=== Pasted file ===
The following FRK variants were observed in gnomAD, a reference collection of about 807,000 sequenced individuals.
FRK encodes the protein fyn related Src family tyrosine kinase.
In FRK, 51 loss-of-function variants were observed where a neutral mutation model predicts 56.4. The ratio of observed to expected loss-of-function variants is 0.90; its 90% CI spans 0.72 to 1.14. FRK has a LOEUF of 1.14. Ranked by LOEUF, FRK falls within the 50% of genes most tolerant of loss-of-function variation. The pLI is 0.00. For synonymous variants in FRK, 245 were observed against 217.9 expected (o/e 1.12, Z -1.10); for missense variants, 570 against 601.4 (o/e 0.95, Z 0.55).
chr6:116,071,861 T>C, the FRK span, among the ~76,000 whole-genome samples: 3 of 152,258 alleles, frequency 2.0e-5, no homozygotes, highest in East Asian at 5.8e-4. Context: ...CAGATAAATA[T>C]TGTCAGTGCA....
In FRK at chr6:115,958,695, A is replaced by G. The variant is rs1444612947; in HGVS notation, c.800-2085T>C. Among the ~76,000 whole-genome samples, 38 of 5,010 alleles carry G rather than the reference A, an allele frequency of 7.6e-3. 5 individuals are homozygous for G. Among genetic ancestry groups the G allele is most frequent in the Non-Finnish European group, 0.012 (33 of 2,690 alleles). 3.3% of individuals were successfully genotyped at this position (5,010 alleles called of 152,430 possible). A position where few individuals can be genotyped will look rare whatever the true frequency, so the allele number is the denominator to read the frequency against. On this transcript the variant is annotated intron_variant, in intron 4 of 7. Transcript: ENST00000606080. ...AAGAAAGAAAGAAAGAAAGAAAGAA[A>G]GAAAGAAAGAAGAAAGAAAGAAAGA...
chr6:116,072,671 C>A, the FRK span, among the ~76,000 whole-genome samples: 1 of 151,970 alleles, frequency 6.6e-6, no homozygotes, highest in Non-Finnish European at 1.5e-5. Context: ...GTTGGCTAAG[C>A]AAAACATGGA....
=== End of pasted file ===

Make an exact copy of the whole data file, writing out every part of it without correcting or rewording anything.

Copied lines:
The following FRK variants were observed in gnomAD, a reference collection of about 807,000 sequenced individuals.
FRK encodes the protein fyn related Src family tyrosine kinase.
In FRK, 51 loss-of-function variants were observed where a neutral mutation model predicts 56.4. The ratio of observed to expected loss-of-function variants is 0.90; its 90% CI spans 0.72 to 1.14. FRK has a LOEUF of 1.14. Ranked by LOEUF, FRK falls within the 50% of genes most tolerant of loss-of-function variation. The pLI is 0.00. For synonymous variants in FRK, 245 were observed against 217.9 expected (o/e 1.12, Z -1.10); for missense variants, 570 against 601.4 (o/e 0.95, Z 0.55).
chr6:116,071,861 T>C, the FRK span, among the ~76,000 whole-genome samples: 3 of 152,258 alleles, frequency 2.0e-5, no homozygotes, highest in East Asian at 5.8e-4. Context: ...CAGATAAATA[T>C]TGTCAGTGCA....
In FRK at chr6:115,958,695, A is replaced by G. The variant is rs1444612947; in HGVS notation, c.800-2085T>C. Among the ~76,000 whole-genome samples, 38 of 5,010 alleles carry G rather than the reference A, an allele frequency of 7.6e-3. 5 individuals are homozygous for G. Among genetic ancestry groups the G allele is most frequent in the Non-Finnish European group, 0.012 (33 of 2,690 alleles). 3.3% of individuals were successfully genotyped at this position (5,010 alleles called of 152,430 possible). A position where few individuals can be genotyped will look rare whatever the true frequency, so the allele number is the denominator to read the frequency against. On this transcript the variant is annotated intron_variant, in intron 4 of 7. Transcript: ENST00000606080. ...AAGAAAGAAAGAAAGAAAGAAAGAA[A>G]GAAAGAAAGAAGAAAGAAAGAAAGA...
chr6:116,072,671 C>A, the FRK span, among the ~76,000 whole-genome samples: 1 of 151,970 alleles, frequency 6.6e-6, no homozygotes, highest in Non-Finnish European at 1.5e-5. Context: ...GTTGGCTAAG[C>A]AAAACATGGA....